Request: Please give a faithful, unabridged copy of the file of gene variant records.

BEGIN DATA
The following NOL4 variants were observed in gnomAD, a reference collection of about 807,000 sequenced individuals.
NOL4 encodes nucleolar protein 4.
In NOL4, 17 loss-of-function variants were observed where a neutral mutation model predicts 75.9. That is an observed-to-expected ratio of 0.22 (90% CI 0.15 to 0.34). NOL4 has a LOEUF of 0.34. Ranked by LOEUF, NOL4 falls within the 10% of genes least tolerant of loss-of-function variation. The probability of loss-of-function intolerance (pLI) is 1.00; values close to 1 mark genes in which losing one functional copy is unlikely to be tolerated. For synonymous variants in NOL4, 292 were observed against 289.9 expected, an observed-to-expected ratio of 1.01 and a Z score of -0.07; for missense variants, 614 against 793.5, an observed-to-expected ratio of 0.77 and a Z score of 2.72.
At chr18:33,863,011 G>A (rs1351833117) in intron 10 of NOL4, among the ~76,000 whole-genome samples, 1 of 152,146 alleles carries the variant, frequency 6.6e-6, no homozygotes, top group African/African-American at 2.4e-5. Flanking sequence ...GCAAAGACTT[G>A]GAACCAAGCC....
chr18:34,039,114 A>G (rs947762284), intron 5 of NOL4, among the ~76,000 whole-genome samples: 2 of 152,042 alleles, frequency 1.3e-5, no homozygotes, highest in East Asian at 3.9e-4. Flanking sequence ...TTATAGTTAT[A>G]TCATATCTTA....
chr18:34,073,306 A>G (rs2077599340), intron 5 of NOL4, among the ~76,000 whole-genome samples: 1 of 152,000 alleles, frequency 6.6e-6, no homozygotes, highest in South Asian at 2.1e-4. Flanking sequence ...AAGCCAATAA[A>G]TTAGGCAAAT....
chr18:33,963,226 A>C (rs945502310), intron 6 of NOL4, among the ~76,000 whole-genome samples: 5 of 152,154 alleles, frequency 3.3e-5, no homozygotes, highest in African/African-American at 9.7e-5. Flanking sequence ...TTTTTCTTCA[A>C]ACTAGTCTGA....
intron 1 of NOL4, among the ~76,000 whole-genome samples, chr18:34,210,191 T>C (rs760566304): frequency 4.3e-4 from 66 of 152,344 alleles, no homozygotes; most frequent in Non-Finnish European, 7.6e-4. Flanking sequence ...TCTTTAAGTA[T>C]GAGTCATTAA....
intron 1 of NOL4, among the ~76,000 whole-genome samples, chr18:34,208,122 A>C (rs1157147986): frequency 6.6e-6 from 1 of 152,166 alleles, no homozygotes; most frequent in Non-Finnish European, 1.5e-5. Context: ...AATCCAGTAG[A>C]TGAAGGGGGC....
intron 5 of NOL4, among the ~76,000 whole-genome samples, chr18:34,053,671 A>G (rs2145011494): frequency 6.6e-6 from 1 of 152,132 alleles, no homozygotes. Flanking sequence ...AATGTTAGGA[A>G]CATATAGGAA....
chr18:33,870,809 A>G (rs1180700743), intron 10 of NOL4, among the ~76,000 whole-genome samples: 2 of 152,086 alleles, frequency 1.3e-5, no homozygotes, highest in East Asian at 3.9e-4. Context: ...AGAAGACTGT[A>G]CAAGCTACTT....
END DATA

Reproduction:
The following NOL4 variants were observed in gnomAD, a reference collection of about 807,000 sequenced individuals.
NOL4 encodes nucleolar protein 4.
In NOL4, 17 loss-of-function variants were observed where a neutral mutation model predicts 75.9. That is an observed-to-expected ratio of 0.22 (90% CI 0.15 to 0.34). NOL4 has a LOEUF of 0.34. Ranked by LOEUF, NOL4 falls within the 10% of genes least tolerant of loss-of-function variation. The probability of loss-of-function intolerance (pLI) is 1.00; values close to 1 mark genes in which losing one functional copy is unlikely to be tolerated. For synonymous variants in NOL4, 292 were observed against 289.9 expected, an observed-to-expected ratio of 1.01 and a Z score of -0.07; for missense variants, 614 against 793.5, an observed-to-expected ratio of 0.77 and a Z score of 2.72.
At chr18:33,863,011 G>A (rs1351833117) in intron 10 of NOL4, among the ~76,000 whole-genome samples, 1 of 152,146 alleles carries the variant, frequency 6.6e-6, no homozygotes, top group African/African-American at 2.4e-5. Flanking sequence ...GCAAAGACTT[G>A]GAACCAAGCC....
chr18:34,039,114 A>G (rs947762284), intron 5 of NOL4, among the ~76,000 whole-genome samples: 2 of 152,042 alleles, frequency 1.3e-5, no homozygotes, highest in East Asian at 3.9e-4. Flanking sequence ...TTATAGTTAT[A>G]TCATATCTTA....
chr18:34,073,306 A>G (rs2077599340), intron 5 of NOL4, among the ~76,000 whole-genome samples: 1 of 152,000 alleles, frequency 6.6e-6, no homozygotes, highest in South Asian at 2.1e-4. Flanking sequence ...AAGCCAATAA[A>G]TTAGGCAAAT....
chr18:33,963,226 A>C (rs945502310), intron 6 of NOL4, among the ~76,000 whole-genome samples: 5 of 152,154 alleles, frequency 3.3e-5, no homozygotes, highest in African/African-American at 9.7e-5. Flanking sequence ...TTTTTCTTCA[A>C]ACTAGTCTGA....
intron 1 of NOL4, among the ~76,000 whole-genome samples, chr18:34,210,191 T>C (rs760566304): frequency 4.3e-4 from 66 of 152,344 alleles, no homozygotes; most frequent in Non-Finnish European, 7.6e-4. Flanking sequence ...TCTTTAAGTA[T>C]GAGTCATTAA....
intron 1 of NOL4, among the ~76,000 whole-genome samples, chr18:34,208,122 A>C (rs1157147986): frequency 6.6e-6 from 1 of 152,166 alleles, no homozygotes; most frequent in Non-Finnish European, 1.5e-5. Context: ...AATCCAGTAG[A>C]TGAAGGGGGC....
intron 5 of NOL4, among the ~76,000 whole-genome samples, chr18:34,053,671 A>G (rs2145011494): frequency 6.6e-6 from 1 of 152,132 alleles, no homozygotes. Flanking sequence ...AATGTTAGGA[A>G]CATATAGGAA....
chr18:33,870,809 A>G (rs1180700743), intron 10 of NOL4, among the ~76,000 whole-genome samples: 2 of 152,086 alleles, frequency 1.3e-5, no homozygotes, highest in East Asian at 3.9e-4. Context: ...AGAAGACTGT[A>G]CAAGCTACTT....